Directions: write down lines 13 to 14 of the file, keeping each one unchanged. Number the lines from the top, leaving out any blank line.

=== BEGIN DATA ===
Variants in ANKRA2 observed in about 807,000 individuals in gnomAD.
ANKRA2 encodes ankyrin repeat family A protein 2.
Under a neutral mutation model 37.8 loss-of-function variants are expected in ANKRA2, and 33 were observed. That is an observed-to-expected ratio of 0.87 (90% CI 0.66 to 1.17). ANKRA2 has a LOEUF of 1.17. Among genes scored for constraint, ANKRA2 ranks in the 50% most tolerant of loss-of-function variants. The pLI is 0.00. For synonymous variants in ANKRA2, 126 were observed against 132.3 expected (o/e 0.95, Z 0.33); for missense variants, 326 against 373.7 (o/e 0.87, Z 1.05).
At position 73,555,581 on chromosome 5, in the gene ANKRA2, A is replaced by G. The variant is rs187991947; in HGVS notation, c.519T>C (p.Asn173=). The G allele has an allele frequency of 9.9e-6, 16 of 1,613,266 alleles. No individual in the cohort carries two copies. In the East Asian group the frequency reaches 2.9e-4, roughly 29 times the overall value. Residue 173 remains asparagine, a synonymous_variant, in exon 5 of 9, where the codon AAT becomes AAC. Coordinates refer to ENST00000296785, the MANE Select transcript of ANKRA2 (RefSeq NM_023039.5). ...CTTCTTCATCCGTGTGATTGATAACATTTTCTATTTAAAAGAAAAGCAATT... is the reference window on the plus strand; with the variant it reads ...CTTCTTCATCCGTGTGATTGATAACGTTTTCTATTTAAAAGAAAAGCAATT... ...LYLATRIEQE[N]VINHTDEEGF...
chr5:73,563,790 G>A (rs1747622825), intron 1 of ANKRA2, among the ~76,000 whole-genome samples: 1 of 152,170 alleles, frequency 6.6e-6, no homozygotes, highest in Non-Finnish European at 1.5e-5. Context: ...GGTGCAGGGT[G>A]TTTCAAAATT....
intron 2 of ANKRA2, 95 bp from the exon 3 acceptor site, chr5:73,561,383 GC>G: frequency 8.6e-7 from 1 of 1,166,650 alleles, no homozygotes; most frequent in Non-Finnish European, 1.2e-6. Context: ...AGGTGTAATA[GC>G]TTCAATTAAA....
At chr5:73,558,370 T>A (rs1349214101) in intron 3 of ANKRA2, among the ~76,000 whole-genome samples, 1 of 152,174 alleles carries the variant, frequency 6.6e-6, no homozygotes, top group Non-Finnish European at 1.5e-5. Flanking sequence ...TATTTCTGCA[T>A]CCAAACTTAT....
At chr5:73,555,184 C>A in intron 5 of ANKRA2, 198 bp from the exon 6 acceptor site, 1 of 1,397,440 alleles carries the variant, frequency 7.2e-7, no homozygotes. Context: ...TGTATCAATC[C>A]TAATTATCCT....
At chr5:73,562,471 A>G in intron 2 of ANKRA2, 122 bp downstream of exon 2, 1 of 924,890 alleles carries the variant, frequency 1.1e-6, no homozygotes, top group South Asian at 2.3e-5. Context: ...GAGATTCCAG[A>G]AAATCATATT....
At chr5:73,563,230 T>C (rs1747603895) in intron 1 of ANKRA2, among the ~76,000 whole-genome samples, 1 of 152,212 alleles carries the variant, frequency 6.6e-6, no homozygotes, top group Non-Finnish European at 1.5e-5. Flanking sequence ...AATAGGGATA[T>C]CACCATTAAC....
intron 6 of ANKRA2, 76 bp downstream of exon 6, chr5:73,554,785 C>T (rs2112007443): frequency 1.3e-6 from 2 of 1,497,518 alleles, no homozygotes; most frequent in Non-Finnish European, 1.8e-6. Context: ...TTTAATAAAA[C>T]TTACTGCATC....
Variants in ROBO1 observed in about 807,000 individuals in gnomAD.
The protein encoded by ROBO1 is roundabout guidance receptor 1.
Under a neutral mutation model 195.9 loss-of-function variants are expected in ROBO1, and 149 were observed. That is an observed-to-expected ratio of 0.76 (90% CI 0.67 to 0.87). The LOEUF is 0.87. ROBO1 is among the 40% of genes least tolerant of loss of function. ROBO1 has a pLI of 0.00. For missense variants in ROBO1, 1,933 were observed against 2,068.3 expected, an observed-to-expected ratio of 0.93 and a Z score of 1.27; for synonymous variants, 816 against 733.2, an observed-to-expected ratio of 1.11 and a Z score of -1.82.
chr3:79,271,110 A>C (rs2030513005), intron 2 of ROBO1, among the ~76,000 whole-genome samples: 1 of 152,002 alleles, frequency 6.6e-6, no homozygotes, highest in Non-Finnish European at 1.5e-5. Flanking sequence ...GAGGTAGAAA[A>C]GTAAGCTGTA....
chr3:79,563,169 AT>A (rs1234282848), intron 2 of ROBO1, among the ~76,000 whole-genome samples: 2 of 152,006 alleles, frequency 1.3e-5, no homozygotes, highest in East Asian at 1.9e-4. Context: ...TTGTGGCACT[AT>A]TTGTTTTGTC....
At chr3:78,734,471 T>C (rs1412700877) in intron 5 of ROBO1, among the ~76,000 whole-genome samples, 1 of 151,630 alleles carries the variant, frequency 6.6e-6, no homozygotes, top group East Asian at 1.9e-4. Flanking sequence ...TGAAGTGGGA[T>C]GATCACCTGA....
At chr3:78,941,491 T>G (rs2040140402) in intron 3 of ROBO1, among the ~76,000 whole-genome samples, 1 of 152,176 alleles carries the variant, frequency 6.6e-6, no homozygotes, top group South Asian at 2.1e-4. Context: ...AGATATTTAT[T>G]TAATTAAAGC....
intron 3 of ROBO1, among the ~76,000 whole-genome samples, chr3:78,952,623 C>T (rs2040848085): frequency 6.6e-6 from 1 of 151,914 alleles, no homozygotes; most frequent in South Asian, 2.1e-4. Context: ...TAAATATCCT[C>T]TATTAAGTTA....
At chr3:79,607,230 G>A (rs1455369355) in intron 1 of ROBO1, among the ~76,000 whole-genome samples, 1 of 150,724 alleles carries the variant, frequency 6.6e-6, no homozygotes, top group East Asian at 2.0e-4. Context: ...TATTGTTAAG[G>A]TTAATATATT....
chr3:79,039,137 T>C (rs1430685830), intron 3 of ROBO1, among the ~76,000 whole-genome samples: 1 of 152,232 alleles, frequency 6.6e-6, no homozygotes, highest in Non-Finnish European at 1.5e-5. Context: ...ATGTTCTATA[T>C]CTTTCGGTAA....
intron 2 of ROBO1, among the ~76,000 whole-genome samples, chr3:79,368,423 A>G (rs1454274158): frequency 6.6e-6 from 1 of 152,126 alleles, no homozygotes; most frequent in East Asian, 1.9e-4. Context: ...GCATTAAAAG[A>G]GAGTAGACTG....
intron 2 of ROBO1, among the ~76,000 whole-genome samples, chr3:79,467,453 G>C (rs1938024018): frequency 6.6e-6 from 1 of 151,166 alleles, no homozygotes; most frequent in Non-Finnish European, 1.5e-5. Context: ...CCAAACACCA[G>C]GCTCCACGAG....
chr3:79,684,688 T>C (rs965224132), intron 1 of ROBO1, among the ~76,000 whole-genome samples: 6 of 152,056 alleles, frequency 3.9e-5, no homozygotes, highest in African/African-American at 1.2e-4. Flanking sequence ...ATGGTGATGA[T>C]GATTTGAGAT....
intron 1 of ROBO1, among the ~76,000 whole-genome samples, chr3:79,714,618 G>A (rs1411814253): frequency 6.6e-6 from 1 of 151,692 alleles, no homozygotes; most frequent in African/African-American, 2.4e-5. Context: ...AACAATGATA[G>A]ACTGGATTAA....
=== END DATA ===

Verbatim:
The protein encoded by ROBO1 is roundabout guidance receptor 1.
Under a neutral mutation model 195.9 loss-of-function variants are expected in ROBO1, and 149 were observed. That is an observed-to-expected ratio of 0.76 (90% CI 0.67 to 0.87). The LOEUF is 0.87. ROBO1 is among the 40% of genes least tolerant of loss of function. ROBO1 has a pLI of 0.00. For missense variants in ROBO1, 1,933 were observed against 2,068.3 expected, an observed-to-expected ratio of 0.93 and a Z score of 1.27; for synonymous variants, 816 against 733.2, an observed-to-expected ratio of 1.11 and a Z score of -1.82.